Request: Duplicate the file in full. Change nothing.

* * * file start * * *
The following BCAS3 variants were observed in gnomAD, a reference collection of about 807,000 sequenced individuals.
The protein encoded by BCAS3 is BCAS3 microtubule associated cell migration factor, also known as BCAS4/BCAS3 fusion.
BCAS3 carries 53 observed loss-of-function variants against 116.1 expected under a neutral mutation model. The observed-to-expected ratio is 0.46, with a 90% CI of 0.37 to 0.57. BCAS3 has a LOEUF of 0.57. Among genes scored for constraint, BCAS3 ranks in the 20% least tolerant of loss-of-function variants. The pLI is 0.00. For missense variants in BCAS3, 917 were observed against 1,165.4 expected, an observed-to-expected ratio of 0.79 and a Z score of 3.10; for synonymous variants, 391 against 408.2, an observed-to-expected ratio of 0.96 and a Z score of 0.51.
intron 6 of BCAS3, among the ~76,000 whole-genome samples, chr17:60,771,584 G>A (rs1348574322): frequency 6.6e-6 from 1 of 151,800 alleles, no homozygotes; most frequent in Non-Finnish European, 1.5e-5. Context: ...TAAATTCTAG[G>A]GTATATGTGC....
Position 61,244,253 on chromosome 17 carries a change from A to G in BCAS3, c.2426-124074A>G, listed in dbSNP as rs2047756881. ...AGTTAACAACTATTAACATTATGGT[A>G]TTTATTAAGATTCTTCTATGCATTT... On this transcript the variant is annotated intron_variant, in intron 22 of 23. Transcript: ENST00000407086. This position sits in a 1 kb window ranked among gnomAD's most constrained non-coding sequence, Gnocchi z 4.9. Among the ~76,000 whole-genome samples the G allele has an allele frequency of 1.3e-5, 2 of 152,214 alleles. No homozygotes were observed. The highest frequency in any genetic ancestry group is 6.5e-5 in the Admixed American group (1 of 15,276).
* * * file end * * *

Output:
The following BCAS3 variants were observed in gnomAD, a reference collection of about 807,000 sequenced individuals.
The protein encoded by BCAS3 is BCAS3 microtubule associated cell migration factor, also known as BCAS4/BCAS3 fusion.
BCAS3 carries 53 observed loss-of-function variants against 116.1 expected under a neutral mutation model. The observed-to-expected ratio is 0.46, with a 90% CI of 0.37 to 0.57. BCAS3 has a LOEUF of 0.57. Among genes scored for constraint, BCAS3 ranks in the 20% least tolerant of loss-of-function variants. The pLI is 0.00. For missense variants in BCAS3, 917 were observed against 1,165.4 expected, an observed-to-expected ratio of 0.79 and a Z score of 3.10; for synonymous variants, 391 against 408.2, an observed-to-expected ratio of 0.96 and a Z score of 0.51.
intron 6 of BCAS3, among the ~76,000 whole-genome samples, chr17:60,771,584 G>A (rs1348574322): frequency 6.6e-6 from 1 of 151,800 alleles, no homozygotes; most frequent in Non-Finnish European, 1.5e-5. Context: ...TAAATTCTAG[G>A]GTATATGTGC....
Position 61,244,253 on chromosome 17 carries a change from A to G in BCAS3, c.2426-124074A>G, listed in dbSNP as rs2047756881. ...AGTTAACAACTATTAACATTATGGT[A>G]TTTATTAAGATTCTTCTATGCATTT... On this transcript the variant is annotated intron_variant, in intron 22 of 23. Transcript: ENST00000407086. This position sits in a 1 kb window ranked among gnomAD's most constrained non-coding sequence, Gnocchi z 4.9. Among the ~76,000 whole-genome samples the G allele has an allele frequency of 1.3e-5, 2 of 152,214 alleles. No homozygotes were observed. The highest frequency in any genetic ancestry group is 6.5e-5 in the Admixed American group (1 of 15,276).